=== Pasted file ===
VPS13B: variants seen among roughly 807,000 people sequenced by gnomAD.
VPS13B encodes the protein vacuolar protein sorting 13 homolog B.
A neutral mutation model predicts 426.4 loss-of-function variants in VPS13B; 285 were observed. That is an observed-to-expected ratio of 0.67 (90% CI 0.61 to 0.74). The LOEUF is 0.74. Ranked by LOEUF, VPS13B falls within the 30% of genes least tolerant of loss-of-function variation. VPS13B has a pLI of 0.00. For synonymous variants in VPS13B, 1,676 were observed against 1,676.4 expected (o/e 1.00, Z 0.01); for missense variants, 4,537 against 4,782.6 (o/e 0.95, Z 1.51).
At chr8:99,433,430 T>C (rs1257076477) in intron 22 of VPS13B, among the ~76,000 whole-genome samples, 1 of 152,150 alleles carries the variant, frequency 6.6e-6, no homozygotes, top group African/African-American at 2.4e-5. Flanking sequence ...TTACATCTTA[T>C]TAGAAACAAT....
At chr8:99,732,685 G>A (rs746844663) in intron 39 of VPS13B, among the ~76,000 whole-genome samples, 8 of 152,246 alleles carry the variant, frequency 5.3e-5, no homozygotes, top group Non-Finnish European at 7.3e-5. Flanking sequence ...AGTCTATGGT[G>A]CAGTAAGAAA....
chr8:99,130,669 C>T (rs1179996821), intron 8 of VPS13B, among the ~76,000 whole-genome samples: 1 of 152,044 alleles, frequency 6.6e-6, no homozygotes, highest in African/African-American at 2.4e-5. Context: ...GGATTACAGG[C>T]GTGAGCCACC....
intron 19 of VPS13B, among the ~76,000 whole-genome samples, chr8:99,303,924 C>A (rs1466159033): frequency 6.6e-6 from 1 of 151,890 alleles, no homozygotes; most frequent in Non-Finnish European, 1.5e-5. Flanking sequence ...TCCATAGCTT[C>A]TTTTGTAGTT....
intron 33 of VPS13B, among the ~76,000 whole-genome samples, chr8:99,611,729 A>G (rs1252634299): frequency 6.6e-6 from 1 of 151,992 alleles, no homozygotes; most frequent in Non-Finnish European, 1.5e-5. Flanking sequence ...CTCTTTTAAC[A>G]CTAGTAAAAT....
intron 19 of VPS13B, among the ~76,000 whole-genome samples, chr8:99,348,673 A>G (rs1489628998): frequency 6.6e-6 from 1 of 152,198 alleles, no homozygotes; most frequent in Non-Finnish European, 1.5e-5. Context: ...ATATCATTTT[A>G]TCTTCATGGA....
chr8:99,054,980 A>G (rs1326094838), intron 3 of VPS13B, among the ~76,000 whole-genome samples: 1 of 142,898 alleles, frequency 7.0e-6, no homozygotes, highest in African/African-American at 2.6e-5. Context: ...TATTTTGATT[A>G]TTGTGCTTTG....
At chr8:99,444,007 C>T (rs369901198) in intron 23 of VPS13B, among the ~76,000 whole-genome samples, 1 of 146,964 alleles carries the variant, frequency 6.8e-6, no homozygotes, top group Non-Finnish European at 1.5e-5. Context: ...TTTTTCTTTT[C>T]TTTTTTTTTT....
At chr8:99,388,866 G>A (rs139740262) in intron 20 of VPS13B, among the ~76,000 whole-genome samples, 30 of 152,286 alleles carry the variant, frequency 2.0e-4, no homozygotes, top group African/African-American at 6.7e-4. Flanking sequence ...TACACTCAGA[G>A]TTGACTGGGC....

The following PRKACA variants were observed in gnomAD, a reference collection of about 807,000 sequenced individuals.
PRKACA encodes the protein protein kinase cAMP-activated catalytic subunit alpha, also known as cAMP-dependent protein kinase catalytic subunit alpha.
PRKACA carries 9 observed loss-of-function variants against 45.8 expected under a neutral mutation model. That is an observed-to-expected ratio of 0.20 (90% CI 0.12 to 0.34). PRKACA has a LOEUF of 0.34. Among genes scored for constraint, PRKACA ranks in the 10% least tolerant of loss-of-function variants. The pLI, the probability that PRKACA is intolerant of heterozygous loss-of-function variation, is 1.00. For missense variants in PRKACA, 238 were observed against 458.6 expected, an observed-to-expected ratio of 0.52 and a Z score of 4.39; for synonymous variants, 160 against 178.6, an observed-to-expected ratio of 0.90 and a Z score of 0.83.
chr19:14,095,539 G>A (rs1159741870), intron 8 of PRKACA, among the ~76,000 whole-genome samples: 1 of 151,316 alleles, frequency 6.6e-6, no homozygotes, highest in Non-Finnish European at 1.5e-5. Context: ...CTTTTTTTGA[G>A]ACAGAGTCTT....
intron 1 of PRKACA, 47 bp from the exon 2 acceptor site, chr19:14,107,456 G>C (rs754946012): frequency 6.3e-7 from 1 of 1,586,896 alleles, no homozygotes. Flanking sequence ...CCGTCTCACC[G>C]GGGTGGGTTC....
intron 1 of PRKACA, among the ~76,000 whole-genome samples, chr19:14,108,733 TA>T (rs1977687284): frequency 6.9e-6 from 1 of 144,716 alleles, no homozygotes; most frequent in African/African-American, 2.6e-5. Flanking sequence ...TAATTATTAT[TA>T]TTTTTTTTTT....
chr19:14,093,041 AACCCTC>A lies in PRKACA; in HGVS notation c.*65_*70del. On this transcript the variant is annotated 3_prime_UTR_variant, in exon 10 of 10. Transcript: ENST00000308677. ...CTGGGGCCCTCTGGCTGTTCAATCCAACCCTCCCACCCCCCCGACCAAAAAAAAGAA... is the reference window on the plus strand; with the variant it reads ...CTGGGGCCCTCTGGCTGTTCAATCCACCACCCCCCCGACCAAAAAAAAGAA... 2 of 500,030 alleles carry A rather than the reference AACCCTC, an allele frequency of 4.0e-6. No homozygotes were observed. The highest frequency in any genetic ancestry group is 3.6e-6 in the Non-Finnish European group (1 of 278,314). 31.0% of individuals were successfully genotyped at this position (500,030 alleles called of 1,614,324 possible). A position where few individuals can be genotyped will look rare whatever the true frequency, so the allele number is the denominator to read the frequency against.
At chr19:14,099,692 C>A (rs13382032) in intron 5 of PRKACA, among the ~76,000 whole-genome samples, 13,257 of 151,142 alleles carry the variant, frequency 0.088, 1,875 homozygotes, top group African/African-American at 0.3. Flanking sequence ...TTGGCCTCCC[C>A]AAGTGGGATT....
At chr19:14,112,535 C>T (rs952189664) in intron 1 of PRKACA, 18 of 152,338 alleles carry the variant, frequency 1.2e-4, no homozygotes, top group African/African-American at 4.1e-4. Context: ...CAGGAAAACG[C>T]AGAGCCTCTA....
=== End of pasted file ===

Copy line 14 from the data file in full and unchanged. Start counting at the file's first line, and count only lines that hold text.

PRKACA encodes the protein protein kinase cAMP-activated catalytic subunit alpha, also known as cAMP-dependent protein kinase catalytic subunit alpha.